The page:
This beautiful member of the Thraupidae (tanager) family proved to be a difficult species to identify on #BeakoftheWeek.
This large flowerpiercer is easily identifiable with its striking ultramarine plumage, red eyes and black mask. It is slightly larger than a great tit at 15cm and weighs between 12 and 22.5g. Females are similar to males but slightly duller, with juveniles duller still and greyish.
The bill of this species is long and slender with a slight upturn and a small hook at the end of its upper mandible. This small hook is sometimes used to pierce flowers and fruits to get to their internal nutrients, which is where the name “flowerpiercer” comes from. More often than not it feeds on fruits and berries (particularly Melastomataceae species) and some insects.
This species is highly sociable often found in monospecific groups of up to 30 individuals, as well as in mixed flocks of tanagers, other flowerpiercers, warblers and others. They are found in cloud forests (usually above 2000m) of North Western South America from the coastal mountains of Northern Venezuella to Northern Bolivia.
This species breeds at varying times across South America, with immatures reported nearly all year round. They lay their eggs in feather-lined open cup nests made of moss, grass and feathers, usually in bushes. Unfortunately no more information is available on the breeding methods of this species. Seems to me like someone should head out on an expedition…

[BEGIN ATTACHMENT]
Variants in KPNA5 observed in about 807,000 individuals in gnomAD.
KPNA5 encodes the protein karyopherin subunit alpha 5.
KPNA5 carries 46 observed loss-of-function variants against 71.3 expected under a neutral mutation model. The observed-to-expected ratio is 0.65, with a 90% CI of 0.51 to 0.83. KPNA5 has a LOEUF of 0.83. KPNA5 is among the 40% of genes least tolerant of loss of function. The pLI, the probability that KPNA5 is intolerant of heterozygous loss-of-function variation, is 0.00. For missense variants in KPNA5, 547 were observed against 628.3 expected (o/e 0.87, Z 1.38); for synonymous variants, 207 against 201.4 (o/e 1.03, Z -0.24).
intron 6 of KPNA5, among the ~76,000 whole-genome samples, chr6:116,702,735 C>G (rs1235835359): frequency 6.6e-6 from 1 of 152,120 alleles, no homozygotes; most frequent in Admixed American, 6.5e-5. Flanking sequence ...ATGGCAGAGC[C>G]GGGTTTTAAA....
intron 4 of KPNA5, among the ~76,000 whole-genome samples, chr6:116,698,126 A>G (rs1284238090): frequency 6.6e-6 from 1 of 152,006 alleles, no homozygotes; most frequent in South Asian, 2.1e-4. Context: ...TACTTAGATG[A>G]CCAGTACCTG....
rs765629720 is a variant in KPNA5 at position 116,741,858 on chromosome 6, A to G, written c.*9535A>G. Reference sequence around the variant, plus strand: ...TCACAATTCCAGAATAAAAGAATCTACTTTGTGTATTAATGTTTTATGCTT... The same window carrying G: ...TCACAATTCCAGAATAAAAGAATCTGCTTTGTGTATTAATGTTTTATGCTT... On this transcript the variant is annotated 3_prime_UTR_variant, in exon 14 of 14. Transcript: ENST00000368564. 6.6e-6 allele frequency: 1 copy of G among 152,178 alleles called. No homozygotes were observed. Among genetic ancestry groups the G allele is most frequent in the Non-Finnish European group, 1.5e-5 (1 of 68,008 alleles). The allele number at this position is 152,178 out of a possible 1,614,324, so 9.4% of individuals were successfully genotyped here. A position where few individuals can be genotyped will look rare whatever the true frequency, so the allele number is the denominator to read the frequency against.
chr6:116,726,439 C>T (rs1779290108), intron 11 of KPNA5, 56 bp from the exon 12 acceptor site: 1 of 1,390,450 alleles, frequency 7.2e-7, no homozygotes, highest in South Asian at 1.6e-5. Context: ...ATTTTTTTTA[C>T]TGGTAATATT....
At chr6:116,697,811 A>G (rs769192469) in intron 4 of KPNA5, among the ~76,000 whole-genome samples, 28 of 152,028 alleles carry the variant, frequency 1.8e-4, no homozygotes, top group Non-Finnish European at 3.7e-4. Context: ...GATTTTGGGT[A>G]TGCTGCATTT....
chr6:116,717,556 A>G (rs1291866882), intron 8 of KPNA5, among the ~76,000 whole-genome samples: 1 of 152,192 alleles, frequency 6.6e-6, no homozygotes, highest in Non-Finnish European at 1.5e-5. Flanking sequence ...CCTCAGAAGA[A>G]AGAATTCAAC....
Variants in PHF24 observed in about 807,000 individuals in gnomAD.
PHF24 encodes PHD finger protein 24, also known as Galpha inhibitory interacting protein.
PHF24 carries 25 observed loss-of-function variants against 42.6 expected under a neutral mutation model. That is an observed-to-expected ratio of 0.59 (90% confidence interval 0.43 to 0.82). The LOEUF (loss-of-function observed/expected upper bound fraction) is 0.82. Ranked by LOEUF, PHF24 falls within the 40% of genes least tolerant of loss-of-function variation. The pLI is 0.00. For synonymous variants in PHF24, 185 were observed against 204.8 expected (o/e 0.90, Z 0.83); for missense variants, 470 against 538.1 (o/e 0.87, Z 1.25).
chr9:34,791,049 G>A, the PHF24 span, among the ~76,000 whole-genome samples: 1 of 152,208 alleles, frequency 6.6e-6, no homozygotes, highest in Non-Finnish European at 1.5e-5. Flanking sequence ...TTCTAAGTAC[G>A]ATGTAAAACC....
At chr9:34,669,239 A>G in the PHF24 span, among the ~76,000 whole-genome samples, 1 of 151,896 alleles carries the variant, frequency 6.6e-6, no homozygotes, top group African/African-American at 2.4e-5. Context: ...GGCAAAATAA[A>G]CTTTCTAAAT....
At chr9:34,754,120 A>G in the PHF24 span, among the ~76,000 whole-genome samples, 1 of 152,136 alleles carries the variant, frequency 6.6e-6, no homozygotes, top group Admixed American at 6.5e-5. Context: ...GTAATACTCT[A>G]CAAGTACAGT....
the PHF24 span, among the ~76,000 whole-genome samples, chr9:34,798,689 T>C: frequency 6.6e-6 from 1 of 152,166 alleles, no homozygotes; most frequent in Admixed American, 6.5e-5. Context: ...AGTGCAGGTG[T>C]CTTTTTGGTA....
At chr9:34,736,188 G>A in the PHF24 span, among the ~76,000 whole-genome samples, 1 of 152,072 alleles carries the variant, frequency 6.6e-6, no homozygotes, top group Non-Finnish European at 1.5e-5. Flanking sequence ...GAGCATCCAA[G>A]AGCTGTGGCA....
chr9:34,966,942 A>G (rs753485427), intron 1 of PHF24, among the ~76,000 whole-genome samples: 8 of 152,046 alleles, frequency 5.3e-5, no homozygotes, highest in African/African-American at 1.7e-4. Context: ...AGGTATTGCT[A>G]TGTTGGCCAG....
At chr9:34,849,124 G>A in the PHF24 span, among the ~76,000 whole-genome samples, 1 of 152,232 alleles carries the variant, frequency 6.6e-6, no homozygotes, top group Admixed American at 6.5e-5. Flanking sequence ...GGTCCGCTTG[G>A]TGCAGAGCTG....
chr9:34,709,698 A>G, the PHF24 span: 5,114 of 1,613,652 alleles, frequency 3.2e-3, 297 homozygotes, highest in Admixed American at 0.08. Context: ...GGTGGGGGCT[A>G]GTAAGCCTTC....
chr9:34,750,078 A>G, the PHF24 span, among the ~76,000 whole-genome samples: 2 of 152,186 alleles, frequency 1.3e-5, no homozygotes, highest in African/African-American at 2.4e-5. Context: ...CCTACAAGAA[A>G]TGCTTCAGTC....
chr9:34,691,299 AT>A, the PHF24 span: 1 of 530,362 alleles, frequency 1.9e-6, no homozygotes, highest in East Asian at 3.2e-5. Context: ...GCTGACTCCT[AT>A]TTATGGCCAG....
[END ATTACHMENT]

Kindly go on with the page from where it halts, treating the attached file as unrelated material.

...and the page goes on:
The songs of this species remind me of those of fairy wrens in Australia. You can have a listen to one singing below, or you can navigate yourself to Xeno Canto for a greater range of flowerpiercer songs.
I have managed to find a few videos of the masked flowerpiercer, and I am rather fond of this one of one feeding some chicks on the internet bird collection. In fact the IBC has got loads of fantastic videos of this species doing all sorts of things. A nice way to while away five minutes or so. I couldn’t get those videos into my post, so here is one I found on the ever reliable youtube to whet your appetite.
Good news relating to the status of this species as it is listed as of Least Concern on the IUCN redlist due to its large range size and the belief that its population size does not approach the thresholds for vulnerable.
Last but not least you can check out what species this fellow is most related to on OneZoom by clicking this link.
. 2010. Masked Flowerpiercer (Diglossa cyanea), Neotropical Birds Online (T. S. Schulenberg, Editor). Ithaca: Cornell Lab of Ornithology; retrieved from Neotropical Birds Online: http://neotropical.birds.cornell.edu/portal/species/overview?p_p_spp=637356.
BirdLife International. 2012. Diglossa cyanea. The IUCN Red List of Threatened Species 2012: e.T22723715A40010593. http://dx.doi.org/10.2305/IUCN.UK.2012-1.RLTS.T22723715A40010593.en. Downloaded on 03 December 2015.
Hilty, S. (2011). Masked Flowerpiercer (Diglossa cyanea). In: del Hoyo, J., Elliott, A., Sargatal, J., Christie, D.A. & de Juana, E. (eds.) (2014). Handbook of the Birds of the World Alive. Lynx Edicions, Barcelona. (retrieved from http://www.hbw.com/node/61776 on 3 December 2015).
Images and videos
Diglossa cyanea by Ken-ichi ueda is licensed under CC BY-NC 3.0.
Nikhil Patwardhan. 2015. Masked Flowerpiercer – Guango Lodge. Online. 03/09/2015. Available from: https://www.youtube.com/watch?v=Q-nLkj9G_-A.
Jerome Fischer, XC234634. Licensed under CC BY-NC-SA 4.0. Accessible at: http://www.xeno-canto.org/234634.